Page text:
And remember, dear brethren, that is all we know. Nothing else is certain-nothing but this, ‘with the Lord,’ and the resulting certainty that therefore it is well with them. It is enough for our faith, for our comfort, for our patient waiting. They live in Christ, ‘and there we find them worthier to be loved,’ and certainly lapped in a deeper rest. ‘Blessed are the dead that die in the Lord.’

II. In the next place, note the Christian temper in which to anticipate the transition.

‘We are always courageous, and willing rather to leave our home in the body, and to go home to the Lord.’ Now I must briefly remind you of how the Apostle comes to this state of feeling. He has been speaking about the natural shrinking, which belongs to all humanity, from the act of dissolution, considered as being the stripping off of the garment of the flesh. And he has declared, on behalf of himself and the early Christian Church, his own and their personal desire that they might escape from that trial by the path which seemed possible to the early Christians-viz. that of surviving until the return of Jesus Christ from Heaven, when they would be ‘clothed upon with the house which is from Heaven,’ without the necessity of stripping off that with which at present they are invested. Then he says-and this is a very remarkable thought-that just because this instinctive shrinking from death and yearning for the glorified body is so strong in the Christian heart, that is a sign that there is such a glorified body waiting for us. He says, ‘we know that if our house . . . were dissolved, we have a building of God.’ And his reason for knowing it is this, ‘for in this we groan.’ That is a bold position to say that a yearning in the Christian consciousness prophesies its own fulfilment. Our desires are the prophecies of His gifts. Then, on this certainty-which he deduces from the fact of the longing for it-on this certainty of the glorious, ultimate body of the Resurrection he bases his willingness expressed in the text, to go through the unwelcome process of leaving the old house, although he shrinks from it.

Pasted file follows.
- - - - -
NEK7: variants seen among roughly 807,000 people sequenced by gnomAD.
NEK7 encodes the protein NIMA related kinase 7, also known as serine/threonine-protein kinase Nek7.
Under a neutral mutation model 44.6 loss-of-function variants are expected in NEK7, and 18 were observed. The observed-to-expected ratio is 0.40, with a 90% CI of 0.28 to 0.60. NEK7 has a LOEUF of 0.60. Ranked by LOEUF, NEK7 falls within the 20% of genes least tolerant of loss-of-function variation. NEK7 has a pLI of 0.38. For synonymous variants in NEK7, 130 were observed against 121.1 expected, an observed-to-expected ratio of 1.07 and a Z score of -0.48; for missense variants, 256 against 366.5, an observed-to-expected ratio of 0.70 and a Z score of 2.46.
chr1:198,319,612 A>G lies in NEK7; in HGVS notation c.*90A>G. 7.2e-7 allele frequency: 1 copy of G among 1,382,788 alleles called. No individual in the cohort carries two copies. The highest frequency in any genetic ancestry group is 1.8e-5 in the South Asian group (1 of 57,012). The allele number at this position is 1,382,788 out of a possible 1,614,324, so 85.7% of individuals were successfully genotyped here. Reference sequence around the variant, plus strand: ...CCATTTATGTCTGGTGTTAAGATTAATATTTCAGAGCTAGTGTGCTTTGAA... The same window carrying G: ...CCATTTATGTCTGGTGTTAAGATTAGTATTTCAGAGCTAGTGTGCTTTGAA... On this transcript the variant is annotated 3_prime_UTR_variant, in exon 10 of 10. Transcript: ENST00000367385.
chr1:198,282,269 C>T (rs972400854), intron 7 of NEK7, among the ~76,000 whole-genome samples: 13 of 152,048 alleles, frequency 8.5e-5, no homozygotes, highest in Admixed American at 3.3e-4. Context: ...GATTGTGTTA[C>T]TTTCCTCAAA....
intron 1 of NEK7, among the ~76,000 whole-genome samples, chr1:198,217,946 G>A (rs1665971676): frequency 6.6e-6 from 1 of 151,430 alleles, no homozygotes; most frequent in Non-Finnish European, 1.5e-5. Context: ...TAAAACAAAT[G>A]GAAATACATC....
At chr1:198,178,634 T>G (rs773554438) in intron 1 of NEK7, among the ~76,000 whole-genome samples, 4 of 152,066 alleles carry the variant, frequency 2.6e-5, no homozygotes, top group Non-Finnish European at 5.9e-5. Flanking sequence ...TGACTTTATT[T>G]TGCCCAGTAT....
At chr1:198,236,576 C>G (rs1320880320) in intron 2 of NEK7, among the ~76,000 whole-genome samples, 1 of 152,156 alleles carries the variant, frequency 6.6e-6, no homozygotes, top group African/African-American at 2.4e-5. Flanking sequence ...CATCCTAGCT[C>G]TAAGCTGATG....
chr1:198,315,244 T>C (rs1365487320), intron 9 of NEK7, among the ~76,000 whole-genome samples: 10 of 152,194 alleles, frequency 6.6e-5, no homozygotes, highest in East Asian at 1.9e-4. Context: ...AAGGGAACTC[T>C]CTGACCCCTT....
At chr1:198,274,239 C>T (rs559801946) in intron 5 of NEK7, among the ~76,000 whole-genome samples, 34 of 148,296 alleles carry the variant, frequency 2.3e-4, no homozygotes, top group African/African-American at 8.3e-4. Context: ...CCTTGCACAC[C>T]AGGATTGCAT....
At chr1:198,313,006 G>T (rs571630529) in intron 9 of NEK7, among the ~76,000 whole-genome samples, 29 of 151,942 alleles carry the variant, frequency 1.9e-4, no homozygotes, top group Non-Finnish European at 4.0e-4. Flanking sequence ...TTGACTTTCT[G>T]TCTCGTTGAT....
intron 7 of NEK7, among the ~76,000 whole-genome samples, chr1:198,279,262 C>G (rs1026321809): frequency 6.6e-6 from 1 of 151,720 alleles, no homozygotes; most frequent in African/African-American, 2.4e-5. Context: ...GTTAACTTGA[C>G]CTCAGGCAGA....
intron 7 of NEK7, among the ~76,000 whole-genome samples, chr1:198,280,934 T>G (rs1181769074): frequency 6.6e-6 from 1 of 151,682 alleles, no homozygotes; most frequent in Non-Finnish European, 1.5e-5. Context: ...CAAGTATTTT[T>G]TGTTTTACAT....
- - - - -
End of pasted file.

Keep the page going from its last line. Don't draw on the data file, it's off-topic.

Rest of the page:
So, then, Christian faith does not destroy the natural reluctance to put aside the old companion of our lives. The old house, though it be smoky, dimly lighted, and, by our own careless keeping, sluttish and grimy in many a corner, yet is the only house we have ever known, and to be absent from it is untried and strange. There is nothing wrong in saying ‘we would not be unclothed but clothed upon.’ Nature speaks there. We may reverently entertain the same feelings which our Pattern acknowledged, when He said, ‘I have a baptism to be baptized with, and how am I straitened until it be accomplished.’ And there would be nothing sinful in repeating His prayer with His conditions, ‘If it be possible, let this cup pass from Me.’

But then the text suggests to us the large Christian possessions and hope which counterwork this reluctance, in the measure in which we live lives of faith. There is the assurance of that ultimate home in which all the transiency of the present material organisation is exchanged for the enduring permanence which knows no corruption. The ‘tent’ is swept away to make room for the ‘building.’ The earthly house is dissolved in order that there may be reared round the homeless tenant the house eternal, ‘not made with hands,’ God’s own work, which is waiting in the heavens; because the power that shall frame it is there. Not only that great hope of the ‘body of His glory,’ with which at the last all true souls shall be invested, but furthermore, ‘the earnest of the spirit,’ and the blessed experiences therefrom, resulting even here, ought to make the unwelcome necessity less unwelcome. If the firstfruits be righteousness and peace and joy of the Holy Ghost, what shall the harvest be? If the ‘earnest,’ the shilling given in advance, be so precious, what will the whole wealth of the inheritance which it heralds be when it is received?

For such reasons the transitory passage becomes less painful and unwelcome. Who is there that would hesitate to dip his foot into the ice-cold brook if he knew that it would not reach above his ankles, and that a step would land him in blessedness unimagined till experienced?

Therefore the Christian temper is that of quiet willingness and constant courage. There is nothing hysterical here, nothing morbid, nothing overstrained, nothing artificial. The Apostle says: ‘I would rather not. I should like if I could escape it. It is an unwelcome necessity; but when I see what I do see beyond,’ I am ready. Since so it must be, I will go, not reluctantly, nor dragged away from life, nor clinging desperately to it as it slips from my hands, nor dreading anything that may happen beyond; but always courageous, and prepared to go whithersoever the path may take me, since I am sure that it ends in His bosom. He is willing to go from the home of the body, because to do that is to go home to Christ.